Spare rod please

aik Rozan writer
Dr Satyapal Anand

Spare rod please

(Satyapal Anand)

A news item this morning from the interior of the state that is Punjab in the land of my birth made me shudder. It says that a school teacher kept his twenty school kids standing for two hours and then caned them mercilessly because they had failed to answer a school inspector’s questions about who Iqbal was.

“How heartless!” said the elder of my two grandsons.

“How cruel!” said the younger one.

“Beat the kids? The kids should beat him up!”

I couldn’t tell them that caning was a matter of course during my days at school, both in village Kot Sarang and in district Chakwal and Nowshehra, a town in NWFP (now Khyber Pukhtookhwa).

Spare rod please

Late for the school, two strokes on your palm. One stroke each for an incorrect spelling. Five strokes for mischief and on top of it, standing on the bench for the whole period.

Who, in my age group, would forget the ignominious and humiliating, turning-into-a-cock punishment, making oneself into a “murgha”, looking more like a figure 8 than a cock for hours together?

Caning school children used to be a favourite pastime of the British. No great political leader or army “general” in Her Majesty’s service can boast of not having been caned in his school days.

Spare rod please

Licking a cub into shape, through the birch cane was the specialty of the schoolmaster all over Europe, not England alone. The poor cubs may yelp with pain or writhe in agony, the schoolmaster’s rod did not spare them.

He was the law giver – indeed the schoolmaster was! Lord Byron, the incorrigible Young man who never himself experienced himself the strokes of the school masters on his palms, nonetheless palmed off these memorable lines to his European posterity:

O Ye! Who teach the ingenious youth of nations
Holland, France, England, Germany or Spain
I pray ye flog them upon all occasions,
It mends their morals, never mind the pain!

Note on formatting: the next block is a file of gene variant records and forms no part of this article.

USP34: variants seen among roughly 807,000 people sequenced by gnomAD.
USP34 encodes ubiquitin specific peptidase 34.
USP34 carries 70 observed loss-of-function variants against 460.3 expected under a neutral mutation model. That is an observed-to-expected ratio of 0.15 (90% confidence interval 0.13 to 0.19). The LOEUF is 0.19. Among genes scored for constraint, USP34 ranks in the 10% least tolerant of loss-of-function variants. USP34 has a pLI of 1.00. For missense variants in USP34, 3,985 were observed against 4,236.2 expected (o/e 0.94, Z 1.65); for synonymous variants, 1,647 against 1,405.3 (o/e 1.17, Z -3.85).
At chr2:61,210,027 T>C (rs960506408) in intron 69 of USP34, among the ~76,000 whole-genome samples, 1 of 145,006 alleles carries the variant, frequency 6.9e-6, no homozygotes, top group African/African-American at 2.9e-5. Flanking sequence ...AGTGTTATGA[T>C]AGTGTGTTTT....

Byron must have taken his cue from Proverbs (XIII-24), “He that spareth his rod, hateth his son”, but not John Taylor who presented a novel comparison.

The children and walnut tree
The more you beat them, the better they do.

I remember my days in my village school in Kot Sarang. The Primary school was taught by a single teacher, Maulvi Rustam Ali Khan, a warrior clan progeny, a Rajput. He was reputed to go to sleep while sitting in his chair while his “danda” the Maula Baksh, lay casually on the table in front of him.

It so happened that one day the son of the patwari, a petty revenue official, kept scratching his ear again and again. Twice the teacher checked him:

“Hey Fazlu! Stop it!”

What could poor Fazlu do but scratch his ear again for a wasp had stung him there. Pat sprung the Maula Baksh and landed twice with brute force on his palms.

Spare rod please

The next day Fazlu came accompanied by his father, the proud Patwari. His ear as also both his hands were swollen. The proud father must have been taught by the same teacher in his own school days, for he just said:

“You won’t have to take this trouble in future, Maulvi Sahib. I have got the wasp hive removed from the ceiling of the school room.”

And, well, that was that!

Also see this: Peela School (a short story) by Naeem Baig

Well, now caning might be prohibited in schools and spanking may be frowned upon at home but how do the parents go about reforming their children?

One may look forward with apprehension to a repetition of what a Punjabi parent said about his male progeny:

“I have, by God’s grace, four sons, and mind you, each one is strong, obedient and good natured. I have never had any cause to lay a violent hand upon any one of them except in self-defence!”